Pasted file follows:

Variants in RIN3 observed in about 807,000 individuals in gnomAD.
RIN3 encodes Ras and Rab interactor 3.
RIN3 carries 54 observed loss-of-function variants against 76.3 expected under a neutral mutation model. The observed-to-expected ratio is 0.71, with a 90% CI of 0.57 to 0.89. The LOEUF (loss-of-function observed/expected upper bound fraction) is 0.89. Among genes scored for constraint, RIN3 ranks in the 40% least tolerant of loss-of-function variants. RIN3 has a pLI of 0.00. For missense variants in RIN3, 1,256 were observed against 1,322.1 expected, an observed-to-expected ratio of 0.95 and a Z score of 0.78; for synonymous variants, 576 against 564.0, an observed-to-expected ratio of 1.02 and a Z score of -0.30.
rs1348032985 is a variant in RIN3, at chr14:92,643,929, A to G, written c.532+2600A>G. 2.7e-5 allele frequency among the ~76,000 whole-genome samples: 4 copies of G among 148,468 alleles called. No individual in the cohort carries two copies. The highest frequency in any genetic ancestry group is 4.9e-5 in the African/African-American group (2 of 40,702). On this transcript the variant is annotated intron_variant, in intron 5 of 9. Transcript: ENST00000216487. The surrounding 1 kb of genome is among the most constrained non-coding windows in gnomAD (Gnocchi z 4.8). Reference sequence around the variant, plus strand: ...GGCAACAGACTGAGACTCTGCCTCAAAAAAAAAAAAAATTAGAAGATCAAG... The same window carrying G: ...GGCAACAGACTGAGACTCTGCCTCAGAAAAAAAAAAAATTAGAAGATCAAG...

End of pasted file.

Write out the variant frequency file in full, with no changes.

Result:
Variants in RIN3 observed in about 807,000 individuals in gnomAD.
RIN3 encodes Ras and Rab interactor 3.
RIN3 carries 54 observed loss-of-function variants against 76.3 expected under a neutral mutation model. The observed-to-expected ratio is 0.71, with a 90% CI of 0.57 to 0.89. The LOEUF (loss-of-function observed/expected upper bound fraction) is 0.89. Among genes scored for constraint, RIN3 ranks in the 40% least tolerant of loss-of-function variants. RIN3 has a pLI of 0.00. For missense variants in RIN3, 1,256 were observed against 1,322.1 expected, an observed-to-expected ratio of 0.95 and a Z score of 0.78; for synonymous variants, 576 against 564.0, an observed-to-expected ratio of 1.02 and a Z score of -0.30.
rs1348032985 is a variant in RIN3, at chr14:92,643,929, A to G, written c.532+2600A>G. 2.7e-5 allele frequency among the ~76,000 whole-genome samples: 4 copies of G among 148,468 alleles called. No individual in the cohort carries two copies. The highest frequency in any genetic ancestry group is 4.9e-5 in the African/African-American group (2 of 40,702). On this transcript the variant is annotated intron_variant, in intron 5 of 9. Transcript: ENST00000216487. The surrounding 1 kb of genome is among the most constrained non-coding windows in gnomAD (Gnocchi z 4.8). Reference sequence around the variant, plus strand: ...GGCAACAGACTGAGACTCTGCCTCAAAAAAAAAAAAAATTAGAAGATCAAG... The same window carrying G: ...GGCAACAGACTGAGACTCTGCCTCAGAAAAAAAAAAAATTAGAAGATCAAG...